Boasting an epic display of over 30 million lights, it is no surprise that Medellin, Colombia has been rated by National Geographic as one of the top 10 places to view Christmas lights in the world. The festive season in Medellin officially starts on November 30 at midnight, with an elaborate firework celebration. It’s called La Alborada and marks the night when EPM (the city’s public utilities company) who designs and sponsors the lights, turns on the extravagant displays and the locals chime in to celebrate with an incredible spectacle of homemade fireworks seen (and heard) throughout the whole valley of Medellin until dawn.
One of the best-known places to enjoy colonial living is San Miguel de Allende, in Mexico's Colonial Highlands. Even among colonial towns, San Miguel is famous. It's been dubbed ''the most beautiful town in Mexico,'' and it may just be. Colorful, well-preserved colonial buildings line its streets, and fountains tinkle in quiet squares. Brightly painted doorways open onto shops that overflow with colored textiles, hanging stars, and lamps of hammered tin, and pottery or sculptures. Walk down cool stone passageways to open-air patio restaurants or to upstairs terraces where the city opens out below you.
Not that long ago, you could buy a CD in a U.S. bank and get a decent rate of return…4% or 5% annually was typical. Sure, you wouldn’t get rich this way. But it was a safe and affordable way to build a nest egg. Today of course, times are very different. For nearly a decade, the Federal Reserve has kept interest rates at zero. And instead of paying 4% to 5% annually on CDs, now you’re lucky to get 1%.
The island destination in Panama I’m asked about the most is Bocas del Toro—and with good reason. A trickle of adventurous visitors and a tight-knit expat community have transformed insular Bocas del Toro from a sleepy archipelago to a bustling outpost. But if you’re considering island life, you’ll be interested to know that Bocas is not the only exciting option available.
Costa Rica has a lot going for it: lower cost of living, top notch medical care for a fraction of the cost of the U.S., bargain real estate, warm weather year-round, natural beauty, tremendous biodiversity, modern conveniences…the list goes on. It’s enough to make you fall in love with this small Central American country.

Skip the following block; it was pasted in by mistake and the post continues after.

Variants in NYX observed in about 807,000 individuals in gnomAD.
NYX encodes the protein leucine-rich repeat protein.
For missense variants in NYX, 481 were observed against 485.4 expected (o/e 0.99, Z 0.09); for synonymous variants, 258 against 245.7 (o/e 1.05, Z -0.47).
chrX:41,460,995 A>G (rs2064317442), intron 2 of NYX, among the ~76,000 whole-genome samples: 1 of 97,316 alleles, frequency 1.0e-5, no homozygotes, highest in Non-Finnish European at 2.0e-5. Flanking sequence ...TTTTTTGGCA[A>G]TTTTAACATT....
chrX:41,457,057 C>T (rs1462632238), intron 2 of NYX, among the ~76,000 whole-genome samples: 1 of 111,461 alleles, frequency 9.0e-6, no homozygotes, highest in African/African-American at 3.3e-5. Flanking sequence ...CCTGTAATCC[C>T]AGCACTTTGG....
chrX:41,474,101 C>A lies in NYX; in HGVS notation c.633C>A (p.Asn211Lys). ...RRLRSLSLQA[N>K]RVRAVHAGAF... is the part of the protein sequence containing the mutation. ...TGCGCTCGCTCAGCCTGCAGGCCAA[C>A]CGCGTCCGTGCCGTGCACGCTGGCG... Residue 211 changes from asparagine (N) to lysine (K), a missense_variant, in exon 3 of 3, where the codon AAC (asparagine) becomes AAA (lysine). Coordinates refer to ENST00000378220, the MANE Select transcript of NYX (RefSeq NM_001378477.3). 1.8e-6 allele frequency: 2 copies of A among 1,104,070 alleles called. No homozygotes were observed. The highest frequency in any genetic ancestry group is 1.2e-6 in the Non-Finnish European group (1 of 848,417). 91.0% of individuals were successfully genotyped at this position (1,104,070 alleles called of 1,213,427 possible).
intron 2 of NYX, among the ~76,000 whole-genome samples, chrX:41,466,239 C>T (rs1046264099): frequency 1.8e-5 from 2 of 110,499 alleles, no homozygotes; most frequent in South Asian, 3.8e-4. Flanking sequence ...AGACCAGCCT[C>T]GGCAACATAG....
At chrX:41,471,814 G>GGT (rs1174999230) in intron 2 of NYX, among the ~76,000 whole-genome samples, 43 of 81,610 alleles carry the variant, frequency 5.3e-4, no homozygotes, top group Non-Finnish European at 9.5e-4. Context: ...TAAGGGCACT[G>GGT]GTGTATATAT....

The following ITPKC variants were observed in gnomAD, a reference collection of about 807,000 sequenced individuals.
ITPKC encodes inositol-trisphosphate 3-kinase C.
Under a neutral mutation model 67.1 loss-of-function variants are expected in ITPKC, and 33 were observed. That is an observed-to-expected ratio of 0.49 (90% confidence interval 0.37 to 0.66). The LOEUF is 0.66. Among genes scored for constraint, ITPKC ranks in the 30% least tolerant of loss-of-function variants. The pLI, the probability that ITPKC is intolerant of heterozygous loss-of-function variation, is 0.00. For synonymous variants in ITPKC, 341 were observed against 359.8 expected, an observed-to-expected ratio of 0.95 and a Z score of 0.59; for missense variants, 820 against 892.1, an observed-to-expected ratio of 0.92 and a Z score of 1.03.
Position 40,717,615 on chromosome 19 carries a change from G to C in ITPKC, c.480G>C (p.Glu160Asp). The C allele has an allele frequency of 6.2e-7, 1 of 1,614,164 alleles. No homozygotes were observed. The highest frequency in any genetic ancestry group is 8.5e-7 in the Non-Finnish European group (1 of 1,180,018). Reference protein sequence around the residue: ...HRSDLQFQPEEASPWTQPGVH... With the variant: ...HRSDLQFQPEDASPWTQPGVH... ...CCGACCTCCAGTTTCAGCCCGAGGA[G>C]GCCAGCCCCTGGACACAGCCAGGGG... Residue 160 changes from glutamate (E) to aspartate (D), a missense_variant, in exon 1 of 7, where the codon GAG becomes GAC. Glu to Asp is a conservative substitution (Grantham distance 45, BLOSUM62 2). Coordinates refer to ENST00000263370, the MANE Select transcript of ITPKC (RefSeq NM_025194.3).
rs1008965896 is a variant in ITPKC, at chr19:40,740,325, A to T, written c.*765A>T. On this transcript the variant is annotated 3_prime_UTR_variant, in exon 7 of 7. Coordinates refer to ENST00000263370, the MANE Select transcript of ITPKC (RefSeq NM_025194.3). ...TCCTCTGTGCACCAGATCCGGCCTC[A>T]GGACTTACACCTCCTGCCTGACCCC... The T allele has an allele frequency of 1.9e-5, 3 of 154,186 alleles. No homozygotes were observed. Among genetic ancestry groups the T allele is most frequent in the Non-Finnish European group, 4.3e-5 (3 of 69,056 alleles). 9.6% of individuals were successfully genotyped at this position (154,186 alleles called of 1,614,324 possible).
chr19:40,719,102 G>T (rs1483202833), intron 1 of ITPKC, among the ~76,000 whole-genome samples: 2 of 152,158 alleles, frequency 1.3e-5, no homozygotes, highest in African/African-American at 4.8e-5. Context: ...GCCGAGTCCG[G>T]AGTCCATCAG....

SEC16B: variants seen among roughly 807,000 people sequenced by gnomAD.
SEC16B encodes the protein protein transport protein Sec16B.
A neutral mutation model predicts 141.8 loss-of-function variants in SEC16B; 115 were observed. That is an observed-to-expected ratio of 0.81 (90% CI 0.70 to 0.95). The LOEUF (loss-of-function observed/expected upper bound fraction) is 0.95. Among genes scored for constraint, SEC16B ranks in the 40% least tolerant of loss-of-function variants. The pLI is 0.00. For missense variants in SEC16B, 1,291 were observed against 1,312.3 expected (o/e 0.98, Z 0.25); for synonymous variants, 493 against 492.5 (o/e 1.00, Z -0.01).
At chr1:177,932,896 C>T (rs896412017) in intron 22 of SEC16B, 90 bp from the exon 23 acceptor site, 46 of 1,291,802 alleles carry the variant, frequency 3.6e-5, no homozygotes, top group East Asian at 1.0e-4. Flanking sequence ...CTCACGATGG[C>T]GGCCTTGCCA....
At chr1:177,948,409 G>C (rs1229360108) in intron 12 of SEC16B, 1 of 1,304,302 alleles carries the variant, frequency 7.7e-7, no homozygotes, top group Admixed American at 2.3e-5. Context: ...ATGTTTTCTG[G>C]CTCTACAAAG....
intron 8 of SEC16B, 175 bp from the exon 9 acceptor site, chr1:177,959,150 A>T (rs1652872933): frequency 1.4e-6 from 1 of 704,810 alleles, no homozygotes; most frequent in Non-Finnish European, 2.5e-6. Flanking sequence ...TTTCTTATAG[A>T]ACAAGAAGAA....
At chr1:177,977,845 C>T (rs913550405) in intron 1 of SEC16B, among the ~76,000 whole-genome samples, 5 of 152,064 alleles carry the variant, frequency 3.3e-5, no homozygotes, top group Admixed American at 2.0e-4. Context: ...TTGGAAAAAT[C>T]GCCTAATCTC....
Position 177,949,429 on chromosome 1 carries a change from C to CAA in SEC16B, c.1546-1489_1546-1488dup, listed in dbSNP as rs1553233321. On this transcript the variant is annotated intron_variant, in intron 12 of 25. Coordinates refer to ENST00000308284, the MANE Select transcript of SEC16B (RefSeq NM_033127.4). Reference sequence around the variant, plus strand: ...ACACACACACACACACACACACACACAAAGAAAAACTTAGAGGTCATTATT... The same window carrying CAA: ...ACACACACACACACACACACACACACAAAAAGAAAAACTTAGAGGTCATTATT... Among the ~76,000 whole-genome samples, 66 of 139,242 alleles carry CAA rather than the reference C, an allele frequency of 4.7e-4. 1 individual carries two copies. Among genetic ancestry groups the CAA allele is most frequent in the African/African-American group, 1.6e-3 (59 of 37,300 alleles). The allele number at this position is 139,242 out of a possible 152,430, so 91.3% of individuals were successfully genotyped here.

Home to 4.4 million people, New Zealand and its awesome landscapes are admittedly a long way from North America. But as our winter is their summer, you could consider retiring here part-time. In a pollution-free environment, it’s much easier to embrace a healthy lifestyle.
My wife, Cynthia, and I moved to Cuenca, Ecuador, almost five years ago with no plans other than to have fun and look for interesting opportunities. Retirement had kind of taken us by surprise. The "Economic Tsunami of 2008" slapped us pretty hard, so that retirement had arrived sooner than expected. Still, we had for years been envisioning what it would look like: a life where we were free to pursue the activities and interests we wanted to and not be held hostage by busy careers and hectic schedules.
Costa Rica’s Central Pacific coast has a long history as a beach destination. Costa Ricans from the Central Valley (the mountainous interior region surrounding the capital, San José, where most of the population lives), have been coming to the area for vacation and beach getaways for decades. And North American and European visitors have been right there with them for many years, too. They’re drawn by several factors, many of which also attract expats to the area for long-term living…
Mexico's Riviera Maya runs south of Cancun to Tulúm. The sand is white...and the water, turquoise. In the jungle, you'll find Maya ruins. Offshore, the world's second-longest coral reef is home to brightly colored fish. The biosphere at Sian Ka'an is a great place to hike, kayak, and study nature. The coral reef offshore attracts divers and snorkelers. Golf, hiking, spelunking in ancient caves...it's all here. Tulúm is, and will stay, boutique. The Sian Ka'an biosphere means that much of the land is protected. Development will be low rise and low density—that's if and where it's permitted. Yet, amazingly, you're just a 90-minute drive to the airport and two hours in the air to the U.S.
In this article, we outline the best five tropical island paradises for retirees. These places meet all the criteria needed to make them perfect retirement havens. As well as looking the part, all five of these islands—spread throughout the world—are becoming easier to get to as more and more flights open up to and from North America. Many tropical getaways have been consumed by commercialism, leaving them beyond every reasonable budget. But the islands on our list remain affordable, as attested by our expat experts on the ground. On some, it’s possible to live for as little as $1,500 a month including rent.